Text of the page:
So what I most love about Christiania and its bikes is how as a concrete place it provides evidence, both ‘actually’ (materially, in the form of a factory) and symbolically (culturally, in the form of the production and reproduction of particular ethics, aesthetics, sensibilities) of how a cycling culture gets built.

Super tallboy chopper

I like how he is patently not using the bicycle lane. He must turn a lot of heads on this thing!

I used to have a couple of these though not quite this tall. One I made myself in Portland, Oregon that I dubbed the ‘golden bolt’. It had a kid’s bike frame and two full size frames upended and welded together in the back. The front fork was just a massively long steel pipe. It was super tipsy though so you had to lean forward while starting especially though you could jump off by just leaning back slightly to pop a wheely.

The second one I bought off a guy on the street at a bike festival in San Francisco for $120 cash. It was bright pink and he made it for burning man. Features included a separate chain leading up to a second set of pedals since they were so far up from the originals. There was a free floating crank in this chain to keep it tight so there wasn’t too much slack. It also had a handicap footrest that folded down on the back of the frame that you could use to help get up on it. I left it with a friend when I left SF for Copenhagen a couple years ago and he promptly got a fine for ‘unsafe riding’ or something a few days later. He apparently also put it up in an exhibit at the Oakland Airport I think.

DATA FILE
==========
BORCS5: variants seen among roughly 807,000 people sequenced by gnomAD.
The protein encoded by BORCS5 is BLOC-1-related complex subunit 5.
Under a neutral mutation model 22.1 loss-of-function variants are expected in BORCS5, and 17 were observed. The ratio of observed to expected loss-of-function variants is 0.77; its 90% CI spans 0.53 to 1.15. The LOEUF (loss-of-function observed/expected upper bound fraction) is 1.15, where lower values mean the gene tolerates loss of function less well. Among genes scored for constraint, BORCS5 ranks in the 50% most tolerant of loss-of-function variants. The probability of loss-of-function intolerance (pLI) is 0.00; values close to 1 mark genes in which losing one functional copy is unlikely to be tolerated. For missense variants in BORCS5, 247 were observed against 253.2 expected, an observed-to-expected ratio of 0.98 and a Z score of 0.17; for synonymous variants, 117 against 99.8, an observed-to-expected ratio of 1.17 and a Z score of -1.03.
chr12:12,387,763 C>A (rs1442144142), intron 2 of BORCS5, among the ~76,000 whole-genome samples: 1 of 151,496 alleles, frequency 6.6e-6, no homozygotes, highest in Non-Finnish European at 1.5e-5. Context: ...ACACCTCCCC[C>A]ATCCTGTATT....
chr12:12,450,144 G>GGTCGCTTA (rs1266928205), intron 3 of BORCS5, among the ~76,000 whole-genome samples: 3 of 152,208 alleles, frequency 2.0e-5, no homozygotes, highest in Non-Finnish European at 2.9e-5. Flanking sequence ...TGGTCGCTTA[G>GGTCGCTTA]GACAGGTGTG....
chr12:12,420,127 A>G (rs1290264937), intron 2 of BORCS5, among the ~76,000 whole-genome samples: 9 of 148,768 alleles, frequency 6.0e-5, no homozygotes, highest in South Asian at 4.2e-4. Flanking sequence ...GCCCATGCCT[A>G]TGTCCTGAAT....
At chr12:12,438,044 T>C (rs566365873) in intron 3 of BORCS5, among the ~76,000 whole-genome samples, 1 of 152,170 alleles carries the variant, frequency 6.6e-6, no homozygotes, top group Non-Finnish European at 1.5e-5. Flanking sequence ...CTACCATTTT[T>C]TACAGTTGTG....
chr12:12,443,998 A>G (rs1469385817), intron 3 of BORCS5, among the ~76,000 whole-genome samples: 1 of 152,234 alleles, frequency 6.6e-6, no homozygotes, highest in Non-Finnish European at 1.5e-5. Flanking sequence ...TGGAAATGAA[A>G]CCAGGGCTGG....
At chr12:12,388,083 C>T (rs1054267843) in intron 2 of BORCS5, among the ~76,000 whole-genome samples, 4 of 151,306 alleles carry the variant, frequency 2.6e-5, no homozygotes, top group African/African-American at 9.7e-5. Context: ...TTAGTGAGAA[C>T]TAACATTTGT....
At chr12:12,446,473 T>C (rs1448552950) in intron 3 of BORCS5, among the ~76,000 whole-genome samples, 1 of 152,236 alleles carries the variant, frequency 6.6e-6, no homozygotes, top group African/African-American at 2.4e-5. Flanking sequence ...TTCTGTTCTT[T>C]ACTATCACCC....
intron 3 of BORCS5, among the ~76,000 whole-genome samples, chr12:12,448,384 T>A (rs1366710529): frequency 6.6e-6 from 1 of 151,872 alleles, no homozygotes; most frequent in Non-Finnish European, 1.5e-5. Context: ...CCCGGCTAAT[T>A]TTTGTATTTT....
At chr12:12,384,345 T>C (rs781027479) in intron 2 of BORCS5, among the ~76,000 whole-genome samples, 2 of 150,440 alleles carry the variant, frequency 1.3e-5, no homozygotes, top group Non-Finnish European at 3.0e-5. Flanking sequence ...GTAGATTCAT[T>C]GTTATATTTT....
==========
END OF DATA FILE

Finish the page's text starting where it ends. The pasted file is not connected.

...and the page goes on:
Lancaster bicycle politics workshop ride

Went to an absolutely lovely bicycle politics workshop at Lancaster University last week. Ended up spending one night with the professor who organized it (Dave Horton) and about 8 of us met up in the morning to bike out to the University from the center of town. We took the meandering route along the canal which was just delightful, passing small sheep folds and victorian row houses. I might add, it happens to be a segregated bike path which got a lot of flack at the workshop, but (in this case) I would argue for it.

Gonna Ride My Bike Until I Get Home video

I love this bike video. Thanks to my friend Max in Stockholm for the tip!

Mayor of London, Boris Johnson, jokes about riding his bicycle

I love the part where he talks about riding his bicycle with Tony Blair driving by in a limo and how his bike got stolen at Westminster Abbey.